Comedian Dave Hill grew up in Cleveland and initially thought he’d become a big-time rock star. With bands such as Uptown Sinclair and Sons of Elvis, both of which played the local circuit during their day, he came to realize he had the gift of gab and could entertain fans as easily with his jokes as he could with his music.
“Both those bands talked a lot on stage,” says Hill via phone from Los Angeles where he was taking care of to “high powered show business things.” He’s become a successful author and standup comedian and has just issued Let Me Turn You On, his first comedy album. “I always had fun doing that. The difference is that when you’re in a band and talking on stage, anything you say is good. If you make a joke, it’s a bonus. When you’re doing it as a comedy, they all have to land. In general, I find playing in a band is way less stressful in terms of the actual performance.”
He can distinctly remember an Uptown Sinclair show at the Grog Shop that gave him the chance to see just how funny he could be.
“One of our amps blew out,” he says. “We had this big gap in the set. I talked the whole time. I had fun doing that. I thought I wouldn’t mind doing this the rest of the set. It was probably the germ of [doing standup]. I don’t say I have a rock ’n’ roll attitude but maybe I don’t care as much and I’m just into doing what I’m doing. With anything, whether it’s comedy or writing or music, I try to entertain the fans and myself. I want to do what I would want to hear. A lot of people do that, but that’s the best place to come from. I think playing in bands helped me be in that place more.”
On Let Me Turn You On, he intersperses bits from a stand up show recorded live at Union Hall in Brooklyn with some material he recorded in the studio. He’s been working for the comedy circuit years but says he wasn’t ready to release an album until now.
“I’ve been doing live comedy now for ten years but I feel like I’m just starting,” he says. “I feel like I’m just learning how to do it. Even now having recorded the album, I feel like I have gotten better now than in the fall when I recorded it. It was that and just finding someone who wanted to do it. I was talking to one label at one point and then I met the guys from this label, Aspecialthing, and it felt right. I’ve been thinking about it the last couple of years and they’re cool dudes. They do a lot of comedy albums for people I’m friends with. They’re a well-respected label. It’s a good fit, as they say.”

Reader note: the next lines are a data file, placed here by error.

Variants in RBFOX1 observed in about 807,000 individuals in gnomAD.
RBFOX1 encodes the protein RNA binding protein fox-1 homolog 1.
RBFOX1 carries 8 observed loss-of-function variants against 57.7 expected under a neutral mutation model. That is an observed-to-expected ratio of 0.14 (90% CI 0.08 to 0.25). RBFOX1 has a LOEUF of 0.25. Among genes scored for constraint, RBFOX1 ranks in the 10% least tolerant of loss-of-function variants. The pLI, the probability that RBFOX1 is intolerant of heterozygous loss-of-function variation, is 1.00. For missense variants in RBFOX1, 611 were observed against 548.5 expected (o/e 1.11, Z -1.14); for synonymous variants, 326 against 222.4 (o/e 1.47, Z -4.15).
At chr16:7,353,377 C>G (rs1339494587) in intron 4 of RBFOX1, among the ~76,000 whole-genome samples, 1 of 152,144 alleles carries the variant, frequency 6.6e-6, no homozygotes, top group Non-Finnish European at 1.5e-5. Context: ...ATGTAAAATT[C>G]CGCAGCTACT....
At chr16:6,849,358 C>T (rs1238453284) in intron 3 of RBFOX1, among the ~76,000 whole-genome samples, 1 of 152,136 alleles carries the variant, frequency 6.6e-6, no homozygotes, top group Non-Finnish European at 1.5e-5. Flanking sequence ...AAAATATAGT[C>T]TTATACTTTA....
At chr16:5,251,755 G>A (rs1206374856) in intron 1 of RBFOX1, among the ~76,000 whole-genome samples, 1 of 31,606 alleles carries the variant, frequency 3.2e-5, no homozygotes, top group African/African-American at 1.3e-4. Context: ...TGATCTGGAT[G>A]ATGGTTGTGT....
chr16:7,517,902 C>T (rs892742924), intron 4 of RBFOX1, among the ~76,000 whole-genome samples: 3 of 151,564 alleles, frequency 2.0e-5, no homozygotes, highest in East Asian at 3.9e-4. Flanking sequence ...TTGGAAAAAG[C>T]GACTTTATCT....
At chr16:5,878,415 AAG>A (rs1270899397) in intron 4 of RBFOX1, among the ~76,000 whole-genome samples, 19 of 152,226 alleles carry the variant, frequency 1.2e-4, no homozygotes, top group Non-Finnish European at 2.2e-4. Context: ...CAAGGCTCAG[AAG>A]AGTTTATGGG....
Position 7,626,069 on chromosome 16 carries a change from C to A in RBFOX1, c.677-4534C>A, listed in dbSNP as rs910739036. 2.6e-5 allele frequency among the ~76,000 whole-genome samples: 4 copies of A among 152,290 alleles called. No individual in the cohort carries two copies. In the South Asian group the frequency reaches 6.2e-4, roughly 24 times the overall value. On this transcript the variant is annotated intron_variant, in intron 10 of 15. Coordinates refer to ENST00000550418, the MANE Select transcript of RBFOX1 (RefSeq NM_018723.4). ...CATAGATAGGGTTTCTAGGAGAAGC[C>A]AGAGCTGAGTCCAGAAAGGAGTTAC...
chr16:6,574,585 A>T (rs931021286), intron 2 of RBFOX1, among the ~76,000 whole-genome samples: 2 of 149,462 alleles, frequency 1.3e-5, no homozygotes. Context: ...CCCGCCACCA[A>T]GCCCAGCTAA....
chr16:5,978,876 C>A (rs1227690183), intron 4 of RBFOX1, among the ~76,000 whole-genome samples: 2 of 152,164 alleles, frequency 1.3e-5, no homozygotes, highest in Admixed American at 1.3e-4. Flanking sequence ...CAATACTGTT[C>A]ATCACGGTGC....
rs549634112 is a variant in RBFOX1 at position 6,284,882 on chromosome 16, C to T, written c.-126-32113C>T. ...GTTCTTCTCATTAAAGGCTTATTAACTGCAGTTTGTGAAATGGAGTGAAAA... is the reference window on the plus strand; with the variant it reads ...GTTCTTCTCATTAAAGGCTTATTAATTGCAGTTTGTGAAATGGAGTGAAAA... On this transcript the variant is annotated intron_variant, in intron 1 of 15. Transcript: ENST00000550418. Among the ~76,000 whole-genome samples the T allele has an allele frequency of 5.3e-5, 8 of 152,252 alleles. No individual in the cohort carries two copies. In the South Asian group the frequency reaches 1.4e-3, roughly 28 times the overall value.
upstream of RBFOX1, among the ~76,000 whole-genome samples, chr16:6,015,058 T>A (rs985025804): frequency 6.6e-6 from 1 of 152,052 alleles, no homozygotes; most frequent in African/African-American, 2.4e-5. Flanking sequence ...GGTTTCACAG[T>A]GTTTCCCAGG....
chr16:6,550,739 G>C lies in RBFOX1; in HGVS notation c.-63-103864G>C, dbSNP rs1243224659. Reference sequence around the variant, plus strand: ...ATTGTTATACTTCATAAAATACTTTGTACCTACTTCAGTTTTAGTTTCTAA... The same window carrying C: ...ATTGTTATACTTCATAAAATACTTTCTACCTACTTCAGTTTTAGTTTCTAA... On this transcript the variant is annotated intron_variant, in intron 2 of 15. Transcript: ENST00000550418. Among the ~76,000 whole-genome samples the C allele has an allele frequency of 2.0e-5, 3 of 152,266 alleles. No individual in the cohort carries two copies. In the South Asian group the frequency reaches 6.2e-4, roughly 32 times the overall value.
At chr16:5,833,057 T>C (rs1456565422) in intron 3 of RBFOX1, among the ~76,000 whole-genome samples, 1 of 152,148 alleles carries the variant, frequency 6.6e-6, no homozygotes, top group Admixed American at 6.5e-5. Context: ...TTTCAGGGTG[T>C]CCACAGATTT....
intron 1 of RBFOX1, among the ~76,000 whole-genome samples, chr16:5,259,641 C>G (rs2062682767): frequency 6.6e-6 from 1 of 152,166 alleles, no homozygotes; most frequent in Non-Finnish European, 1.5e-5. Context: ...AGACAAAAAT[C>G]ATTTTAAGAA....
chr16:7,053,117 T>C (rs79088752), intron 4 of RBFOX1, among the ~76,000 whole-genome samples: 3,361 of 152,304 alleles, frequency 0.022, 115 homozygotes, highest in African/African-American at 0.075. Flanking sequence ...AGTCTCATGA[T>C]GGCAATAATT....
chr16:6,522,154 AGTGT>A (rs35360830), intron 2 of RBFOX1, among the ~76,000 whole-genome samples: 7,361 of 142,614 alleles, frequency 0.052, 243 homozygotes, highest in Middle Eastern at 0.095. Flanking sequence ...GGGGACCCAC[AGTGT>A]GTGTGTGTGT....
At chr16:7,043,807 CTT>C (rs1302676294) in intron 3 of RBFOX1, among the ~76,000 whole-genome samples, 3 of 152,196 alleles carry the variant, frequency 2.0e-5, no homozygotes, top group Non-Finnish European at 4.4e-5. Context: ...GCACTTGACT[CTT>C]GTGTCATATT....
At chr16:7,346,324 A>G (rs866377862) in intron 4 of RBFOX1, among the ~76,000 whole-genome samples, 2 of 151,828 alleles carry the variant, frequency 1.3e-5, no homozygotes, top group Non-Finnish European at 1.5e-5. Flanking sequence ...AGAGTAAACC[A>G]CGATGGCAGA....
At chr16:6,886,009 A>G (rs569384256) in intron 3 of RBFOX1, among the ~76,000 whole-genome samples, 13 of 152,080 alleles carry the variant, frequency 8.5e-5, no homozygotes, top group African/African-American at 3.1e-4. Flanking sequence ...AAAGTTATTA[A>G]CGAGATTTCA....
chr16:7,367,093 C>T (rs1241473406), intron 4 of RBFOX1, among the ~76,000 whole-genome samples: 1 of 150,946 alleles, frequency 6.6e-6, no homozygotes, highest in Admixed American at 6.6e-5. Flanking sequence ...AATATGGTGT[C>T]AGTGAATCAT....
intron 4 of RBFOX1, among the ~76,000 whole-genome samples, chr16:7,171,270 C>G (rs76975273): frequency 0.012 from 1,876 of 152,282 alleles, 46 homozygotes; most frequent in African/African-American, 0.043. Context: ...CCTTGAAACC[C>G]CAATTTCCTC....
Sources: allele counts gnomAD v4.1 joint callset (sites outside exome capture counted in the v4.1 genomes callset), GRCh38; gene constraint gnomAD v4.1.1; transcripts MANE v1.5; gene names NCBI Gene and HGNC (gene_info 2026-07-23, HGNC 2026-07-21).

Dubbed “Irritable Chimps,” the opening routine is based on a true story about a chimp attack that occurred in 2009.
“It’s my version of that story, but everything in that story is factual,” says Hill. “If you plug in chimp attack, sanctuary, testicals, you’ll probably find the original story. The reported bits are spoken word things from things I had written that I used to do on stage. I wanted to release them in some way or another. When I did the live album, I thought it would be a good way to break it up and have it be more one-on-one with the listener so it dips in and out of the live show. [The chimp attack] really happened with the couple. I saw an interview with the guy and he was really fucked up by it. I think they’re back on track, as much as one can be.”
Hill says the follow-up to his first book, Tasteful Nudes, is currently with an editor and should be out next spring.
“Hopefully this is a progression,” he says of the forthcoming book. “A part of me thinks it might e like a trainwreck. It might be like the third Big Star album where people are like, “What the fuck is this?’”
He’s also working on a pilot for a TV show with Rich Fulcher from the comedy showThe Mighty Boosh. They sold a program to NBC Universal and Steve Carell is producing it.
“It’s pretty exciting,” he says. “I’m also doing some tour dates with Janeane Garofalo. I’ve opened for her a bunch on the road. I’m hoping to do more Metal Grasshopper stuff with [Pantera’s] Phil Anselmo. We’re trying to figure out how and when to do it with our schedules.”
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